We can try to notice the food police each time they whisper in our heads. Identify them as soon as the voices pop up. Say to yourself, "that's not me talking, that's the food police." Once we've identified them, retaliate by saying "no" when they try to tell us what to do. Question their authority; is what they're saying even true? Likely not. This helps us take back control over our food choices, rather than letting the food police make our decisions.

5. Discover the satisfaction factor

Let's say we're craving a bowl of ice cream, but we feel that we shouldn't, so instead, we have an orange. That didn't feel satisfying enough, so we have some hummus with crackers. That also didn't "hit the spot", so we eat something else. Without satisfaction, our body can be physically full but we might not feel content.

A couple of hours later, the craving remains, and we finally give in. This can sometimes be accompanied by a feeling of guilt for not having been able to control our urges. Instead, what if we give in to the craving when we feel it? To allow ourselves to enjoy the food, without guilt. To feel and experience the joy the food brings us. The food we enjoy not as a reward, but just because we wanted to, and without punishment. With this mindset, it becomes easier to listen to the inner voice that says "I've enjoyed that, thank you, that's enough for now." It helps create a healthier relationship with food.

6. Feel your fullness

Listening to our bodies is a critical aspect of intuitive eating. If we come from a history of chronic dieting, it might be difficult to know when exactly we're hungry, and when we're full. This is because diets tend to make us ignore these signals. Becoming more conscious while eating can help us be more aware of when we're full.

Here are some helpful tips for feeling our fullness:

  • Use a hunger metre. This is a simple tool to help us reflect on how we feel when we're eating - check out the daily intuitive eating journal above for a printable version!
  • Eat slowly, to allow our body to react and digest food.
  • Pause for a minute when eating to check-in with our body. Would we like to continue eating, or do we feel content and full?

7. Cope with your emotions with kindness

We're all human. We all experience anger, loneliness, boredom, or anxiety from time to time. We're not perfect and it's totally normal to feel emotional at times. Although we may not be able to avoid emotions, how we deal with them is within our control.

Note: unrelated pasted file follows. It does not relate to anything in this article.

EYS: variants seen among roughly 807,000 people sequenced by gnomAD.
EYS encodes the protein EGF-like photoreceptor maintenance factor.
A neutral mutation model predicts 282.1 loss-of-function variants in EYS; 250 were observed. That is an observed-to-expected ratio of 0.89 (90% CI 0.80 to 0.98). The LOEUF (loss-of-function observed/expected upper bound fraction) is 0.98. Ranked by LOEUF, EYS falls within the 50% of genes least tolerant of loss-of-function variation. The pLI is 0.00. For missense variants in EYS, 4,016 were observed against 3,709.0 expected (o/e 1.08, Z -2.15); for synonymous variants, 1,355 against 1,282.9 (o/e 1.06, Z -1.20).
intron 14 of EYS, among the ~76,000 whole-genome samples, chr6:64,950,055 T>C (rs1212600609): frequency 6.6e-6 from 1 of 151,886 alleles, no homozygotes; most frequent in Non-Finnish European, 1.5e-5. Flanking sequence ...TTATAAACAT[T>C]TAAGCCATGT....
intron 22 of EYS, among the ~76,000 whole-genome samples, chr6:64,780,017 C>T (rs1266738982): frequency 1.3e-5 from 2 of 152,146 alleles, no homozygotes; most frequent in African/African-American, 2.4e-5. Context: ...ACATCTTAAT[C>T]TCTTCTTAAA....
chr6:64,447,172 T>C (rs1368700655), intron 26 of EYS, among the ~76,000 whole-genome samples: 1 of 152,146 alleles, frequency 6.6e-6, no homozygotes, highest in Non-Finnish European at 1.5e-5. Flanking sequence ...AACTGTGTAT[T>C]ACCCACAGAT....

A good first step is acknowledging that restricting our intake of food can trigger negative emotions to come up. A second step is recognizing that food isn't always able to address the true root of our emotions. Eating may distract us from certain feelings, but if we don't reflect on what's really making us emotional, we won't be able to solve the true problem.

8. Respect your body

Growing up, we're commonly taught to treat others the way we want to be treated. The same applies to how we treat ourselves. All bodies deserve to be loved and accepted. If we have unrealistic goals or expectations for ourselves, it will be very challenging to reject diet culture. We can honour our bodies wherever we're at. It's that very body that pumps our heart without us thinking about it; it brings oxygen to our lungs; it makes us feel love for those in our life; it feels warmth; it smells delicious food, it does everything for us, every day. When we give our body the utmost love and appreciation, we then honour the food we give it. Whether that food nourishes the cells or the soul.

9. Movement 

The rush of energy and positivity after exercise isn't a fluke. Physical activity is actually associated with higher happiness levels. To be clear: this isn't talking about forced and unenjoyable workouts. Instead, we can move our body and focus on feelings rather than calories burned or time on a machine. Once we recognize our feelings, we may find activities we enjoy more than others. It's much easier to commit to moving in ways we enjoy than forcing a dreaded exercise plan.

10. Honor your health

Again, we're all humans which means we're not perfect! With this in mind, eating healthy doesn't mean eating perfectly. What we eat consistently is what counts more than a single meal or snack. One meal can't make us unhealthy in the same way another meal can't automatically make us healthy. Eating isn't an all-or-nothing approach, so consider focusing on progress instead of being perfect.

Putting it into practice

Although intuitive eating may sound easy enough to some, it's not as easy as it may seem to others. When we were young, we simply cried when we were hungry, and stopped eating when we were full. As we've grown up, though, we've learned various things that make us ignore these natural instincts. We've learned the idea of "good" and "bad" foods; we've been taught that some foods are rewards (such as dessert); and we've learned that some foods "deserve" feeling good about (like drinking a green smoothie), while other foods deserve feelings of guilt or shame (like eating french fries). Here are some ways that may help us become a more intuitive eater:

1. Unfollow certain social media accounts